Home Real Estate UK house buyers ‘left powerless’ as mortgage deals hang in balance | Housing market

UK house buyers ‘left powerless’ as mortgage deals hang in balance | Housing market

by Ozva Admin

Homeowners and potential buyers have felt “totally helpless” this weekend as thousands wait to find out if their mortgage deals will now cost them hundreds of extra pounds a month, while brokers report people are already pulling out. from the market or preparing to downsize.

Foreign Minister Kwasi Kwarteng mini-budget on September 23 has resulted in 40% of mortgage products are withdrawn in the last week, with many potential buyers still waiting to find out how much they will pay and others being offered higher rates or reduced loan sizes.

“People were worried about the energy crisis and how they were going to heat their houses, but this is a different kind of fear,” said Michael McLaughlin, a mortgage broker in Northern Ireland. “Now it’s ‘Are we going to have roofs over our heads?’ They just feel totally powerless.”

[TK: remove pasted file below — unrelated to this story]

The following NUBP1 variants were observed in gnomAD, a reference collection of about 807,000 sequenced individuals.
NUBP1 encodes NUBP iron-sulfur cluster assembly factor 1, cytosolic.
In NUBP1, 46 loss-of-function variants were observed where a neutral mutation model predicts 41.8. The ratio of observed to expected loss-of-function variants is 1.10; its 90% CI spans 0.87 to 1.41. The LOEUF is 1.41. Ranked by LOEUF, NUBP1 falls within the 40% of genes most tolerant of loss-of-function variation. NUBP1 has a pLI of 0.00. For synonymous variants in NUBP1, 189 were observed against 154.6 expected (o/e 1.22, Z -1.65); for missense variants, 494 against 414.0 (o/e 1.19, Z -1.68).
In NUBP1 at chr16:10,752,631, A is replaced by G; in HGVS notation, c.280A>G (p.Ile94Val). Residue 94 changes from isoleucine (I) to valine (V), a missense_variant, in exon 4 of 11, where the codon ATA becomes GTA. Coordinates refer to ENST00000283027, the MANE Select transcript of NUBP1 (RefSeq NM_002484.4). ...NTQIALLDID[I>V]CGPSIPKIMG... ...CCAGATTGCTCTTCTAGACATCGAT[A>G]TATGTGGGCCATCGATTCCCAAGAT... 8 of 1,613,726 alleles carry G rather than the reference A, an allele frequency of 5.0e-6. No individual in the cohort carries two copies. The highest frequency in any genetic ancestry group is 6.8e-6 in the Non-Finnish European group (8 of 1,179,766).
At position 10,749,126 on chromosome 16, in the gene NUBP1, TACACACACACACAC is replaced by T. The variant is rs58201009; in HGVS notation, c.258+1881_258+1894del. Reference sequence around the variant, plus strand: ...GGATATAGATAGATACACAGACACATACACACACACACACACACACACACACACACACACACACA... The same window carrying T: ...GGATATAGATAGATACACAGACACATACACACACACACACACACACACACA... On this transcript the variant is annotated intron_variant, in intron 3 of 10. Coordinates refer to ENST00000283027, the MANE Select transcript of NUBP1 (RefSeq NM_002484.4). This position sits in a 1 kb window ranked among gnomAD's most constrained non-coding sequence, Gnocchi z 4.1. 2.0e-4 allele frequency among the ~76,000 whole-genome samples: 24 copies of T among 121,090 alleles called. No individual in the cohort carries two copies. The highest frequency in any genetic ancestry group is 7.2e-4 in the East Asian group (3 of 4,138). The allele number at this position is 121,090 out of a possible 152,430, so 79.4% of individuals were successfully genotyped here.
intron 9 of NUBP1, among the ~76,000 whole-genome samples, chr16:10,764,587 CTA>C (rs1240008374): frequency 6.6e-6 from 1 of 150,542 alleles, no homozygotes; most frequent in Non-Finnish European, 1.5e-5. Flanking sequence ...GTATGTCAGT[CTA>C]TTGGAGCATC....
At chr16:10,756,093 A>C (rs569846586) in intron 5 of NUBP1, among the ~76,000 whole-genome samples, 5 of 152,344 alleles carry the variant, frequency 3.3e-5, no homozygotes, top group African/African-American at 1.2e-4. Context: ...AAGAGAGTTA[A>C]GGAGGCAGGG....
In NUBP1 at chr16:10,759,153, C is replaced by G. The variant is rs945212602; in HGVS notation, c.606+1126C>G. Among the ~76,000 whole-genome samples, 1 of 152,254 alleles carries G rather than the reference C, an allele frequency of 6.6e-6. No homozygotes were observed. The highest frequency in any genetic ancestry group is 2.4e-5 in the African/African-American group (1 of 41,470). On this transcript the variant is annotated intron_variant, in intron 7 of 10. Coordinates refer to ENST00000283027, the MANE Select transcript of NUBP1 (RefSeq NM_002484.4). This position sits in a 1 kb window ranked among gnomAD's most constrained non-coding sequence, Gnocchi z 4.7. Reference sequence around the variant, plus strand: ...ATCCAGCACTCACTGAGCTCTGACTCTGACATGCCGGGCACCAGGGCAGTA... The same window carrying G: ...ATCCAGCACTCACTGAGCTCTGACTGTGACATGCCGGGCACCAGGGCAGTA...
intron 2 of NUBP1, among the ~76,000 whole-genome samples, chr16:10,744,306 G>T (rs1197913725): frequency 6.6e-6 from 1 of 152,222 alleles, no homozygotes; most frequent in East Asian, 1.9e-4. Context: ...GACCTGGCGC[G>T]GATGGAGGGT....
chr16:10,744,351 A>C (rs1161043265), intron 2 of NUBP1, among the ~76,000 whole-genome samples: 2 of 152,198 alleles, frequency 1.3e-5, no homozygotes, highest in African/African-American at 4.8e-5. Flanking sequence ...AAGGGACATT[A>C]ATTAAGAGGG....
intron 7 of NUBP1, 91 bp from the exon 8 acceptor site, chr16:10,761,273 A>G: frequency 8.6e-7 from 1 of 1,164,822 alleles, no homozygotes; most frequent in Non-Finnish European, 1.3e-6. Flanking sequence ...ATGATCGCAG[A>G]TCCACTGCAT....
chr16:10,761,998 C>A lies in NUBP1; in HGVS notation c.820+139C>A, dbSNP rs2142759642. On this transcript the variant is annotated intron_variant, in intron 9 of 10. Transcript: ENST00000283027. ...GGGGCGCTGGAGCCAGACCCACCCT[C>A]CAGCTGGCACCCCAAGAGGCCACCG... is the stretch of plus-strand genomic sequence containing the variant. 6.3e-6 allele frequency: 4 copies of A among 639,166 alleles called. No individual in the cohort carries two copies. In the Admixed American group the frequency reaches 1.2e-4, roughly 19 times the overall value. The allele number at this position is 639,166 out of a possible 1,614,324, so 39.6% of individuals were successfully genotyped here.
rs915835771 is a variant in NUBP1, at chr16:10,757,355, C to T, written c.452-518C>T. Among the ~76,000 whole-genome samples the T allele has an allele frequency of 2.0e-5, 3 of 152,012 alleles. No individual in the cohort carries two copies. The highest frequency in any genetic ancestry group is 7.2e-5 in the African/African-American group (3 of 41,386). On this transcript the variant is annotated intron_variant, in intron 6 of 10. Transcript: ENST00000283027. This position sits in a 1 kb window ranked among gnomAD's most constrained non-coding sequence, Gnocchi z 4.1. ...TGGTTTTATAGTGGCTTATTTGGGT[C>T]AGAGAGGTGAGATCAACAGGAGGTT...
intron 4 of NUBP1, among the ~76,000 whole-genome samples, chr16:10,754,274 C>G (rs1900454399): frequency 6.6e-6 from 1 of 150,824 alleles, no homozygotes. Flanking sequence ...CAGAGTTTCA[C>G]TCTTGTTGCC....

People are responding to the situation in different ways, he said, with some planning to sell their homes and downsize or move in with family members as they can’t afford the increased payments.

Some of McLaughlin’s clients have paid a penalty in recent days to get out of their current fixed-rate mortgage deal to lock in a higher rate now, fearing it could go even higher. “It’s because they’re not willing to wait to get an even higher rate next year,” she said. “They are paying a fine for breaking their contract to do that.”

Meanwhile, a real estate company in your local area has halted its planned development, real estate agents are reporting fewer bookings for viewings, and customers are waiting up to an hour or more to speak to their lenders on the phone.

“It’s like icy fear, the speed at which this has happened compared to [the housing market crash in] 2008. The collapse has been seismic and very fast,” said McLaughlin, who works for Mortgage and Insurance Directions in Newcastle, County Down.